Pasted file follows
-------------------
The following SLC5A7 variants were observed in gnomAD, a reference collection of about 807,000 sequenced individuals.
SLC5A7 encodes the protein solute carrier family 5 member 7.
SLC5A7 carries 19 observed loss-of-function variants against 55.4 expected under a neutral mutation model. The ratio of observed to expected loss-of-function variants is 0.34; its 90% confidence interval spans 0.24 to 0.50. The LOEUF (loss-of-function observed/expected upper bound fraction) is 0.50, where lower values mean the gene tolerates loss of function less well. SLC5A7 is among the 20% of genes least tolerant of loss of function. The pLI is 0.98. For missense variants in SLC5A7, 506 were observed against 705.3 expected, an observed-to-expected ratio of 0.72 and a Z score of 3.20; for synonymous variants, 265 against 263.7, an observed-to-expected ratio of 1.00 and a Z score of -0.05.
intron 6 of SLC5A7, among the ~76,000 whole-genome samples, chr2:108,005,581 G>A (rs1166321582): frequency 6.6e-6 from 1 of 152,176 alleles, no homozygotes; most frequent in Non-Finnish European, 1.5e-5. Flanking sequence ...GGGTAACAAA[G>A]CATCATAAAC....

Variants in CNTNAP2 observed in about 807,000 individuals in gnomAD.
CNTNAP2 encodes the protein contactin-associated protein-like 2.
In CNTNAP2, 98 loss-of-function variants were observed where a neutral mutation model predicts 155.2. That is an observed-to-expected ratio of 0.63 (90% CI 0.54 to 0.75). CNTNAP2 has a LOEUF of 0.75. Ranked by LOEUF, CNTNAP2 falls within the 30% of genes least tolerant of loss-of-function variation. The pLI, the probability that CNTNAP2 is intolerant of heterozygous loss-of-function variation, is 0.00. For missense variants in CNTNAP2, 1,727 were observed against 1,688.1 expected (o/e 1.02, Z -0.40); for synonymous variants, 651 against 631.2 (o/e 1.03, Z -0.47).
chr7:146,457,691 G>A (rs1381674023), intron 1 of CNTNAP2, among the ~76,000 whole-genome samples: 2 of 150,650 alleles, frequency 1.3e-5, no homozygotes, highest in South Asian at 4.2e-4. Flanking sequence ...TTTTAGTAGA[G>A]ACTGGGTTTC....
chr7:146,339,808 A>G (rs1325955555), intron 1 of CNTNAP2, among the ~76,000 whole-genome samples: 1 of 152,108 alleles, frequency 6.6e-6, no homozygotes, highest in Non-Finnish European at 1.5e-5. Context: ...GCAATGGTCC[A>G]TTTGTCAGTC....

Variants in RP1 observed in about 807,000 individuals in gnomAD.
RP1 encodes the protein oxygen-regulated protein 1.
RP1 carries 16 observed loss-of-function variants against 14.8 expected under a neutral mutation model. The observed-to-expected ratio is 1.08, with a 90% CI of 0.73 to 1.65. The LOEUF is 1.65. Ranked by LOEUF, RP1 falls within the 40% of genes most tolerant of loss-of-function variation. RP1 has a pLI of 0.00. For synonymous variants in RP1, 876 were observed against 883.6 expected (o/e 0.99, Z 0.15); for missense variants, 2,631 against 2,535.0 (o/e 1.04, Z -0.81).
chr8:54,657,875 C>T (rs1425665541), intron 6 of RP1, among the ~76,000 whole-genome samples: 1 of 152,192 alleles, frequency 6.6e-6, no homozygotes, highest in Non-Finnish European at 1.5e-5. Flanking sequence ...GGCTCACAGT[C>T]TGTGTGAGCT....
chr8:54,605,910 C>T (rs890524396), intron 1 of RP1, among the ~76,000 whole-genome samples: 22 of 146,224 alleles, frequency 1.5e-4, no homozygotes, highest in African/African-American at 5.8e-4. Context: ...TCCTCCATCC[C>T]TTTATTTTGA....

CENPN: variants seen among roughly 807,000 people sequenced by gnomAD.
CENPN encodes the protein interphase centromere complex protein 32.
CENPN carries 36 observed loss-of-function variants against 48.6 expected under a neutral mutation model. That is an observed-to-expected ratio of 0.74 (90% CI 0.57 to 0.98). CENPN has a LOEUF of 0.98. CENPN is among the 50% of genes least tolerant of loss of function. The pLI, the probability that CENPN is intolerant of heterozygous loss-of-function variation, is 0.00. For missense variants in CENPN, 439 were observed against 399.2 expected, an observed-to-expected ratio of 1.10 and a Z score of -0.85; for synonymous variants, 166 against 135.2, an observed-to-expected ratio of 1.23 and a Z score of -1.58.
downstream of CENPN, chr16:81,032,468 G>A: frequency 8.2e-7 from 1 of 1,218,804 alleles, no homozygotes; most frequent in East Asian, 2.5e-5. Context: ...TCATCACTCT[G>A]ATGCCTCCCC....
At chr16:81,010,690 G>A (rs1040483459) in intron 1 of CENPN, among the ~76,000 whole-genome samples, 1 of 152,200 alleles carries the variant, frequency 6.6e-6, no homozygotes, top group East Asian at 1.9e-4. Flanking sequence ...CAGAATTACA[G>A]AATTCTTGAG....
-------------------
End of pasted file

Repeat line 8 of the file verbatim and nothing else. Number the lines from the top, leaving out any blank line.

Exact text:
chr7:146,457,691 G>A (rs1381674023), intron 1 of CNTNAP2, among the ~76,000 whole-genome samples: 2 of 150,650 alleles, frequency 1.3e-5, no homozygotes, highest in South Asian at 4.2e-4. Flanking sequence ...TTTTAGTAGA[G>A]ACTGGGTTTC....